Last name: Lacey

Recorded in several forms including de Lacey, Lacey, Lacy, Lassy, and Leacy, this is an English surname but of Norman-French pre 10th century origin. Introduced into Britain after the Conquest of 1066, it is locational and derives from the village of "Lassy" in Calvados, France. The place name is from an ancient Gaulish personal name, "Lascius", of uncertain etymology, plus the locational suffix "-acum", denoting place of or settlement. Two members of the original "Lassy" family came to England with William the Conqueror in 1066. These were the brothers Ilbert and William de Laci or Lacy. Ilbert was the ancestor of John, the 1st Earl of Lincoln, who was one of the barons involved in compelling King John (1199 - 1216) to sign Magna Carta in 1215. William's descendants distinguished themselves in Ireland under Henry 11 (1154 - 1189), whilst Peter Lacy (1678 - 1751), was the military adviser to Czar Peter, the Great, of Russia. Early examples of the surname include: Henry de Lasci (1185, Lincolnshire); Gilbert de Lascy (1273, Shropshire); and Isabella Lassy (1379, Yorkshire). Among the many recordings in the surviving church registers are the christening of John Lacy on August 26th 1586, at St. Botolph without Aldgate, in the city of London, and the marriage of John Lacey and Samone Steeven at Ingatestone, in the county of Kent, on October 13th 1594. The first recorded spelling of the family name is shown to be that of Roger Laci. This was dated 1086, in the Domesday Book, during the reign of King William 1st, 1066 - 1087. Throughout the centuries, surnames in every country have continued to "develop", often leading to astonishing variants of the original spelling.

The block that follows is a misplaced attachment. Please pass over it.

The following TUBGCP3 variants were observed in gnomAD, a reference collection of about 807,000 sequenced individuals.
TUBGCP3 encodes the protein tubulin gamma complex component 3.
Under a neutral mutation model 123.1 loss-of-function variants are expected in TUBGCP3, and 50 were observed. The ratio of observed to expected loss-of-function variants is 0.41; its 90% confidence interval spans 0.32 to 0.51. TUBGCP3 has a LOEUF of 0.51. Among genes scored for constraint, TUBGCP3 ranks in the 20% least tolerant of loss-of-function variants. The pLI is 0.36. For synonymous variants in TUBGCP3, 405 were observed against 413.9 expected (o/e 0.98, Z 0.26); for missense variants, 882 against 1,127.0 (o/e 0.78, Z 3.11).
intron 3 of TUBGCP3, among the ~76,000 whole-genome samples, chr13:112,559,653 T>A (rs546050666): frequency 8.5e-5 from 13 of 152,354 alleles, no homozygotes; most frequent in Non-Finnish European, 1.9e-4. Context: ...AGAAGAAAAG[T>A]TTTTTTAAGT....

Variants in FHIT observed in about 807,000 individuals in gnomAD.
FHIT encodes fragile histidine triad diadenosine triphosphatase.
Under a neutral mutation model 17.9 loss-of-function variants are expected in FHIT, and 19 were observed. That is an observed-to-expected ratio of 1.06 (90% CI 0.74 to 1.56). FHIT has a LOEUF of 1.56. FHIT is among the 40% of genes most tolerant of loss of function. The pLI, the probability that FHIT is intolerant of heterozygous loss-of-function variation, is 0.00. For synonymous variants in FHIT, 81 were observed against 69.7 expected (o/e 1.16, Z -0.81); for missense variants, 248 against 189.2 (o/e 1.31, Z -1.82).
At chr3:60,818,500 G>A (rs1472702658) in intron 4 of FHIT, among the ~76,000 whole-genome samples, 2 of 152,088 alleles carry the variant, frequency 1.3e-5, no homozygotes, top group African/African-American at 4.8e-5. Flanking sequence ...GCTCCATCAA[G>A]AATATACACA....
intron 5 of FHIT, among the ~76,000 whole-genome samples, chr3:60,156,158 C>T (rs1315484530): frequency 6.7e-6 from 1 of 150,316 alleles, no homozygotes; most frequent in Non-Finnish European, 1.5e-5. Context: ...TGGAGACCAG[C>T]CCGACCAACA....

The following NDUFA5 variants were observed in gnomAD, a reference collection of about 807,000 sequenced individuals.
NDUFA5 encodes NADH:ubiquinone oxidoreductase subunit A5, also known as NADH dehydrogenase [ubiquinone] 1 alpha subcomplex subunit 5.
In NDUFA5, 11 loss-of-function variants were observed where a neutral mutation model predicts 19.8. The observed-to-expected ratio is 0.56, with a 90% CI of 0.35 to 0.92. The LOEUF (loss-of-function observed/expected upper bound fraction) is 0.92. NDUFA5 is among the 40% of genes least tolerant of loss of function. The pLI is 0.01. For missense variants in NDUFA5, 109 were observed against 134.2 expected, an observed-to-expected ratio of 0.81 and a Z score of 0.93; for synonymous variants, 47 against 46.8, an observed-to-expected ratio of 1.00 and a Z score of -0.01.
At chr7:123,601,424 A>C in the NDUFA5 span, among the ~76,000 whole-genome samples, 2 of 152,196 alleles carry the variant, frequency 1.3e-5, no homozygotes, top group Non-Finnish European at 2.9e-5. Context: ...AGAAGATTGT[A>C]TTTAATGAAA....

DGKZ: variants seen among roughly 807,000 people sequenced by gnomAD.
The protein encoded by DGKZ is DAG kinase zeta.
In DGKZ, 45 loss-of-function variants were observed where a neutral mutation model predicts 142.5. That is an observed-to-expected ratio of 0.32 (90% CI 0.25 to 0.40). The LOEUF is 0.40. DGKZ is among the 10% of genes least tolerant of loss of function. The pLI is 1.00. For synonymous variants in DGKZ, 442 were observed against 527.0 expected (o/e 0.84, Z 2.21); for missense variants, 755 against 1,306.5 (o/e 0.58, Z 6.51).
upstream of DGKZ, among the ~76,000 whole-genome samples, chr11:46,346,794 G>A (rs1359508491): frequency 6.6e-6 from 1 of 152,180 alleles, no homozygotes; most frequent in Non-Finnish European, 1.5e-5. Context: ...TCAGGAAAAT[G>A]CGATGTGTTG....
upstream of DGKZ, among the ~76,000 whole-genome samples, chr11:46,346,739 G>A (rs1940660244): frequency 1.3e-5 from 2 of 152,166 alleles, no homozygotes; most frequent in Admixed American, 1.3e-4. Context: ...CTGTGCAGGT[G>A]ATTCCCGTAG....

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Michael Laci
I think the brothers were Ilbert and Walter(not William).There must have been many junior branches of the family and at least one illegitimate son is recorded.There is also the issue of the FitzEustace name change.Ultimately,it is likely that most modern Lacy/Lacey families are descended from an Anglo Norman.Unless you are of the modern nobility, with a pedigree,it's exceedingly difficult to find out which Anglo Norman.Nevertheless,a great surname.

Steve
hannah, dont listen to Rodger. Clearly he has no idea what he is talking about. Making a statement that "most Laceys are descendend from unimportant members of the family who inherited little of note" is an embarrasing, childish and woefully uniformed commentary. He is likely unemployed and most lacking a formal education.

Rodger De Lacey
It means Lacey's are of Norman descent (''Lacey'' would be rare for non-members of the original family. Servants taking the name of the master does happen but it is over-played and names like ''Lacey'' seem too particular), however, most Laceys are descended from unimportant members of the family who inherited little of note. Ah, how fickle fate can be!

Dean Lacey
Rodger De Lacey you need to study your history. Many De Lacey came from France to create a settlement to give Marie Antoinette. Though they weren't successful. Most of the De Lacey changed their name spelling to Lacey to make it easier to avoid the authorities looking for anyone who was willing to help Marie A.

Dean Lacey
Sorry for the second sentence I meant to say that they were trying to give Marie Antoinette a place to come for safety.

Michael De Leacy
All very interesting given the variation in my surname which is also mentioned in the article above. this is the first time I have seen anything of this detail. I looked "Lassy" up on Google and discovered we had inadvertently driven through there on holiday.